Readings

Military Drones: Evolutionary, Not Transformative, Not Revolutionary

By Kenneth Anderson
Wednesday, June 29, 2016, 2:05 PM

Over the past decade, military drones, whether weaponized or merely equipped for surveillance, have been at the center of many heated arguments, whether about targeted killing, counterterrorism, the supposedly "too easy" resort to force through drones, and a host of other controversies. Philosophers, anthropologists, and other academics have given us social theories of the drone. Some military strategists have seen armed drones as the coming — at long last — of strategic airpower able to win a war from the air. Many commentators have predicted the proliferation of military drones and made extravagant analyses of what this portends. An assumption underlying many (though not all) of these controversies, arguments, and theorizing is that drones — UAVs, unmanned aerial vehicles, however exactly one terms them —  are a genuinely "transformative" military technology. Transformative, even perhaps "revolutionary."  

There have been dissenters from this view of the technology and its role in military strategy and operations. And it is probably fair to say that within the US military (and perhaps other militaries, such as the UK, with the most operational experience with them), the idea that UAVs are a strategically revolutionary or even transformative military or weapon technology has long since evaporated (or at least shrunk to a modest puddle) in the light of experience. In addition, a handful of researchers (Gilli and Gilli, particularly) who have looked not so much to operational realities about drones, but instead to the military-industrial complex required for a state to acquire or manage to operate drone systems (drone systems, that is, beyond those that more closely resemble an Amazon.com hobbyist toy than a Predator or Reaper), have concluded that the infrastucture required is far more than most commentators imagine, and argue that this will act as a significant constraint on the military use of drones.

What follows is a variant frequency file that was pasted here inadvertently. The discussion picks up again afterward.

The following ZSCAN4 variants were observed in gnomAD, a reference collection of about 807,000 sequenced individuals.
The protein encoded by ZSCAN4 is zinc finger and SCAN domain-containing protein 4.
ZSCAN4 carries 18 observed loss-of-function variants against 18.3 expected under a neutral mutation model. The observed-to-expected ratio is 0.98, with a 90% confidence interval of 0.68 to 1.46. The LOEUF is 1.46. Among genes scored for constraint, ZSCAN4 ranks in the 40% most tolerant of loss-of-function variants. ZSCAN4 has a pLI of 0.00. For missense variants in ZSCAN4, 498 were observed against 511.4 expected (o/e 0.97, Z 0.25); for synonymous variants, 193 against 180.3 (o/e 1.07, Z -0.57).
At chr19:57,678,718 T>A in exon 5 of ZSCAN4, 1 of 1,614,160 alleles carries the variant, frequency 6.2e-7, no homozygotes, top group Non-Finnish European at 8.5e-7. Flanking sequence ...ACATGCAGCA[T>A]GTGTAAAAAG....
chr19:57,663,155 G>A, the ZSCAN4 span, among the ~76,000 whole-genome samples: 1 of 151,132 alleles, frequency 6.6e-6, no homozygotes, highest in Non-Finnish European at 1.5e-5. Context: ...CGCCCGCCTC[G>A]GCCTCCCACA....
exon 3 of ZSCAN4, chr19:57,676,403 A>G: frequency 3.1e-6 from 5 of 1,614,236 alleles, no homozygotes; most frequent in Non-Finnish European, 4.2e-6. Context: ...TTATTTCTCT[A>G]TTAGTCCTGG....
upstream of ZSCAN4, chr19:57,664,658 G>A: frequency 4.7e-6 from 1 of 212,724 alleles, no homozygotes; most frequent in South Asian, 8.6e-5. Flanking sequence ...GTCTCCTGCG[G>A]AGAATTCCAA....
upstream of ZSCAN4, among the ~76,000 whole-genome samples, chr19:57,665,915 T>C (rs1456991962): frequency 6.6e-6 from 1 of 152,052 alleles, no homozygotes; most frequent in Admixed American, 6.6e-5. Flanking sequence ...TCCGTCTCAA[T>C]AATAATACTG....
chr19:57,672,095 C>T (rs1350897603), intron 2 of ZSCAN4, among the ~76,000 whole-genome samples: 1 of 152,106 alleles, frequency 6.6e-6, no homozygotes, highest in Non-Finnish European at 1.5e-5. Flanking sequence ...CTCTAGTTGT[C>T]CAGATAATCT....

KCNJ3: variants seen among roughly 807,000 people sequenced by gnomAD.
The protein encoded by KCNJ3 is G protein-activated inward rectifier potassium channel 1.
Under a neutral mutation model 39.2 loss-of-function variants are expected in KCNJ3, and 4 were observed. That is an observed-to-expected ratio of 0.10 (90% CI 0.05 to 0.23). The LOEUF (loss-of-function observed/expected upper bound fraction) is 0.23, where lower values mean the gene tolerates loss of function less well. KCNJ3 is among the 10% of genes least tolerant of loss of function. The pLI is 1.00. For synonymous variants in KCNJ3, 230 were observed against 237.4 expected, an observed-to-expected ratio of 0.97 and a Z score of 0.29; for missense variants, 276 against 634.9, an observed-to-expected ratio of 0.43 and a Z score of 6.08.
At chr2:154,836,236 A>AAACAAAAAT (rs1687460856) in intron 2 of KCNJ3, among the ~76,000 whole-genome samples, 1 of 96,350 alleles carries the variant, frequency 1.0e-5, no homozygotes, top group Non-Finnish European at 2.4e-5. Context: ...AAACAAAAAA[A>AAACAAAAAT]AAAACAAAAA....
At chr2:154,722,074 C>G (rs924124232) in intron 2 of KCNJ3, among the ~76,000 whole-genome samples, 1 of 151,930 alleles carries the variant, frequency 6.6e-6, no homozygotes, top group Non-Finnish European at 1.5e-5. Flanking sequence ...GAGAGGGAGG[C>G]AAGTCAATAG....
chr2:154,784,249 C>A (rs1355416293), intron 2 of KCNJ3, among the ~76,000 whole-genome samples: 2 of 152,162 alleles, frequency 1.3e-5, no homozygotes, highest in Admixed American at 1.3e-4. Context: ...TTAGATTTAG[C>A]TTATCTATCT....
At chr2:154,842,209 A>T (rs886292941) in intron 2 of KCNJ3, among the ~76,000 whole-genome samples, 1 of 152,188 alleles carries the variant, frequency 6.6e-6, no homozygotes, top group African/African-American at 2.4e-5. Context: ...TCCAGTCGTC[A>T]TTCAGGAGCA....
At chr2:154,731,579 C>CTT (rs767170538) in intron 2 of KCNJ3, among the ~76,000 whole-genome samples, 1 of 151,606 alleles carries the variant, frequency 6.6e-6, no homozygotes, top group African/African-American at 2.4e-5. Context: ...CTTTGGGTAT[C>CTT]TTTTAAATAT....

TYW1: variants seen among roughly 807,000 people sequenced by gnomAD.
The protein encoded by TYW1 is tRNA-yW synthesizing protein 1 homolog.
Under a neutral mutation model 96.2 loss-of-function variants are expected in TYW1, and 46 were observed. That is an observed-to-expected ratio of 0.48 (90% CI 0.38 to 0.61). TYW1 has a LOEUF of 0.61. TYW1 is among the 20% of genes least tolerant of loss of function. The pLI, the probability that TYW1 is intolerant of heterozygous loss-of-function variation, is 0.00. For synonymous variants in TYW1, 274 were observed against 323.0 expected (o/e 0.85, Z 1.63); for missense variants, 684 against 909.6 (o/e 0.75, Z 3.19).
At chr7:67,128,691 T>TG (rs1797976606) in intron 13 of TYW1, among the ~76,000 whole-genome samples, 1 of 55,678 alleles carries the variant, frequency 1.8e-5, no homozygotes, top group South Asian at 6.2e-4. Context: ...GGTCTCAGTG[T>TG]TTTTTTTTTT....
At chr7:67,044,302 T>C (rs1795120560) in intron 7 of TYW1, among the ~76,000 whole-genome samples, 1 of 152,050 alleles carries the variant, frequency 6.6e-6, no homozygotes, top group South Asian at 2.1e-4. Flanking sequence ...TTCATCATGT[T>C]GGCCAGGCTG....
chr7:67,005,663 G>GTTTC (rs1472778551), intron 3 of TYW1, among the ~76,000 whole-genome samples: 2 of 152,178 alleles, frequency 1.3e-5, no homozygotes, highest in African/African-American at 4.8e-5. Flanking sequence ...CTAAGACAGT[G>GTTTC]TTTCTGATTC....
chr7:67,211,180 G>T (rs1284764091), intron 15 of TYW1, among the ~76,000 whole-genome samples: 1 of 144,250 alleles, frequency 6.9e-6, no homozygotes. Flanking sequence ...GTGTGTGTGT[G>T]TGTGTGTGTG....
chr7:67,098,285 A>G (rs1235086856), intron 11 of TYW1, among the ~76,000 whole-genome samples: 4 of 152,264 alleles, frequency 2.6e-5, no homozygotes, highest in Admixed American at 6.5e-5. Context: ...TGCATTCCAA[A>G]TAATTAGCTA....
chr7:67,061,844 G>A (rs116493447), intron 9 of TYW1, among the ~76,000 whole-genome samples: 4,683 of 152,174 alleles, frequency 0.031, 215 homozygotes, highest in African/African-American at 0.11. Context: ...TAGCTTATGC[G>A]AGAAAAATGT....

A recent paper posted to SSRN, "The Consequences of Drone Proliferation: Separating Fact from Fiction," by University of Pennsylvania political scientist Michael C. Horowitz, Cornell University government professor (and author of a new book on drones that will be reviewed soon at Lawfare) Sarah E. Kreps, and Texas A&M political scientist Matthew Furhmann, is an important and much-needed contribution to lowering the temperature and tempering the apocaplytic tenor of much of the drone debate. There are many important strategic, operational, legal, and moral questions surrounding military drones, but it is increasingly clear to many of those who deal with or study military UAVs up close that this new family of military technologies is evolutionary, not transformational. SSRN abstract:

What are the consequences of drone proliferation for the international security environment? Despite extensive discussions in the policy world concerning drone strikes for counterterrorism purposes, myths about the capabilities and implications of current-generation drones often outstrip reality. This paper separates fact from fiction by examining the effects of UAVs in six different contexts — counterterrorism, interstate conflict, crisis onset and deterrence, coercive diplomacy, domestic control and repression, and use by non-state actors for the purposes of terrorism. We show that, while current-generation drones introduce some unique capabilities into conflicts around the world, they are also unlikely to produce the dire consequences that some fear. In particular, drone proliferation carries potentially significant consequences for counterterrorism operations and domestic control in authoritarian regimes. Drones could also enhance monitoring in disputed territories, potentially leading to greater stability. However, given their technical limitations, current-generation drones are unlikely to have a large impact on interstate warfare. Our analysis has important implications for a range of policy issues, including the management of regional disputes, the regulation of drone exports, and defense against potential terrorist attacks on the homeland.

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